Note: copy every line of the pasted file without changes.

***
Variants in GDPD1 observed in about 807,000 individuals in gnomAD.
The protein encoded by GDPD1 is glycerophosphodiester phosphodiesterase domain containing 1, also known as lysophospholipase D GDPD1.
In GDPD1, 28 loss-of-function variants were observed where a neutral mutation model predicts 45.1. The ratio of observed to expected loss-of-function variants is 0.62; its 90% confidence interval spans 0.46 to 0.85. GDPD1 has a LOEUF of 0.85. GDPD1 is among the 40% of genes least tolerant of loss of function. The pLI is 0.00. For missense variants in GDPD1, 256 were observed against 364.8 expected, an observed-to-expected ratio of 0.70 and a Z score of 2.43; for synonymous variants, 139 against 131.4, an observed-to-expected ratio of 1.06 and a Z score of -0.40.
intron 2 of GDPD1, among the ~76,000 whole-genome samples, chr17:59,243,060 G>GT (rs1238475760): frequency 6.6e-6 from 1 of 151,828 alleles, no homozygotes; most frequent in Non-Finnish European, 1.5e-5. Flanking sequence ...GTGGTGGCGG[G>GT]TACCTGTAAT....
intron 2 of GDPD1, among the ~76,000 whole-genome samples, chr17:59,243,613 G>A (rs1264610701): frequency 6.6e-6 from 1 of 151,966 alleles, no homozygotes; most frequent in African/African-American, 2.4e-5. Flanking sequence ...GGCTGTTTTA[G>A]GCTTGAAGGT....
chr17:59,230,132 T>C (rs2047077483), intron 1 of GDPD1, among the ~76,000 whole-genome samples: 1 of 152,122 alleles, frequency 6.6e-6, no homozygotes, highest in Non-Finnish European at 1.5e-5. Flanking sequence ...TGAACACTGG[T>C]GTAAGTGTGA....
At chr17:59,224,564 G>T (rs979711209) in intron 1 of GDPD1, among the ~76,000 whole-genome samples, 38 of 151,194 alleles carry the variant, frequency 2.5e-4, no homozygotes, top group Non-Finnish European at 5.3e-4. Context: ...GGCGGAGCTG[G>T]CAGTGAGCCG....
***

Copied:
Variants in GDPD1 observed in about 807,000 individuals in gnomAD.
The protein encoded by GDPD1 is glycerophosphodiester phosphodiesterase domain containing 1, also known as lysophospholipase D GDPD1.
In GDPD1, 28 loss-of-function variants were observed where a neutral mutation model predicts 45.1. The ratio of observed to expected loss-of-function variants is 0.62; its 90% confidence interval spans 0.46 to 0.85. GDPD1 has a LOEUF of 0.85. GDPD1 is among the 40% of genes least tolerant of loss of function. The pLI is 0.00. For missense variants in GDPD1, 256 were observed against 364.8 expected, an observed-to-expected ratio of 0.70 and a Z score of 2.43; for synonymous variants, 139 against 131.4, an observed-to-expected ratio of 1.06 and a Z score of -0.40.
intron 2 of GDPD1, among the ~76,000 whole-genome samples, chr17:59,243,060 G>GT (rs1238475760): frequency 6.6e-6 from 1 of 151,828 alleles, no homozygotes; most frequent in Non-Finnish European, 1.5e-5. Flanking sequence ...GTGGTGGCGG[G>GT]TACCTGTAAT....
intron 2 of GDPD1, among the ~76,000 whole-genome samples, chr17:59,243,613 G>A (rs1264610701): frequency 6.6e-6 from 1 of 151,966 alleles, no homozygotes; most frequent in African/African-American, 2.4e-5. Flanking sequence ...GGCTGTTTTA[G>A]GCTTGAAGGT....
chr17:59,230,132 T>C (rs2047077483), intron 1 of GDPD1, among the ~76,000 whole-genome samples: 1 of 152,122 alleles, frequency 6.6e-6, no homozygotes, highest in Non-Finnish European at 1.5e-5. Flanking sequence ...TGAACACTGG[T>C]GTAAGTGTGA....
At chr17:59,224,564 G>T (rs979711209) in intron 1 of GDPD1, among the ~76,000 whole-genome samples, 38 of 151,194 alleles carry the variant, frequency 2.5e-4, no homozygotes, top group Non-Finnish European at 5.3e-4. Context: ...GGCGGAGCTG[G>T]CAGTGAGCCG....